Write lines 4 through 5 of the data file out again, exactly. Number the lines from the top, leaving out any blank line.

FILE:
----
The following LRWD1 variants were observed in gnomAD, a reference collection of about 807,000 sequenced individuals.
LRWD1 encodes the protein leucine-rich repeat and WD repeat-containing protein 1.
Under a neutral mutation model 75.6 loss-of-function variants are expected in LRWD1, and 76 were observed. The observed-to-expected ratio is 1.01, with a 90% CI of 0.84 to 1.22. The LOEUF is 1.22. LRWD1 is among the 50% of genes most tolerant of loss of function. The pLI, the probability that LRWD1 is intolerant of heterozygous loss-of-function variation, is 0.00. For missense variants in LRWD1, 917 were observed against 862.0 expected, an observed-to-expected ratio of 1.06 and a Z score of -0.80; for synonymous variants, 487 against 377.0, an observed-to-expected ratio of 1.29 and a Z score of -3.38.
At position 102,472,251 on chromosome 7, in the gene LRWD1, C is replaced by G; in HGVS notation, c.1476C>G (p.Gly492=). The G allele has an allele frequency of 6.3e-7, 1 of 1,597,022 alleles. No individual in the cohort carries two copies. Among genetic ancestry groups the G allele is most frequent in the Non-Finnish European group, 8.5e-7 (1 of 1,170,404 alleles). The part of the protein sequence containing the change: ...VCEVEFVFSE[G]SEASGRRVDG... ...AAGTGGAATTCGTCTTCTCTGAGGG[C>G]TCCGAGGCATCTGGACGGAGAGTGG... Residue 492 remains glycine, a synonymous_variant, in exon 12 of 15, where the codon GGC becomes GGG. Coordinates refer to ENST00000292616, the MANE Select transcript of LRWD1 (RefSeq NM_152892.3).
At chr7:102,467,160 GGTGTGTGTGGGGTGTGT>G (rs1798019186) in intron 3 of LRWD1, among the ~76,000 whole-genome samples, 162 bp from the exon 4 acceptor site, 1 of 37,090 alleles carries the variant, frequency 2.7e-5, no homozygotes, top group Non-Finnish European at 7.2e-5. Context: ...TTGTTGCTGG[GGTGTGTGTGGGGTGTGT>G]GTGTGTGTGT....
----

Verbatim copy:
At position 102,472,251 on chromosome 7, in the gene LRWD1, C is replaced by G; in HGVS notation, c.1476C>G (p.Gly492=). The G allele has an allele frequency of 6.3e-7, 1 of 1,597,022 alleles. No individual in the cohort carries two copies. Among genetic ancestry groups the G allele is most frequent in the Non-Finnish European group, 8.5e-7 (1 of 1,170,404 alleles). The part of the protein sequence containing the change: ...VCEVEFVFSE[G]SEASGRRVDG... ...AAGTGGAATTCGTCTTCTCTGAGGG[C>G]TCCGAGGCATCTGGACGGAGAGTGG... Residue 492 remains glycine, a synonymous_variant, in exon 12 of 15, where the codon GGC becomes GGG. Coordinates refer to ENST00000292616, the MANE Select transcript of LRWD1 (RefSeq NM_152892.3).
At chr7:102,467,160 GGTGTGTGTGGGGTGTGT>G (rs1798019186) in intron 3 of LRWD1, among the ~76,000 whole-genome samples, 162 bp from the exon 4 acceptor site, 1 of 37,090 alleles carries the variant, frequency 2.7e-5, no homozygotes, top group Non-Finnish European at 7.2e-5. Context: ...TTGTTGCTGG[GGTGTGTGTGGGGTGTGT>G]GTGTGTGTGT....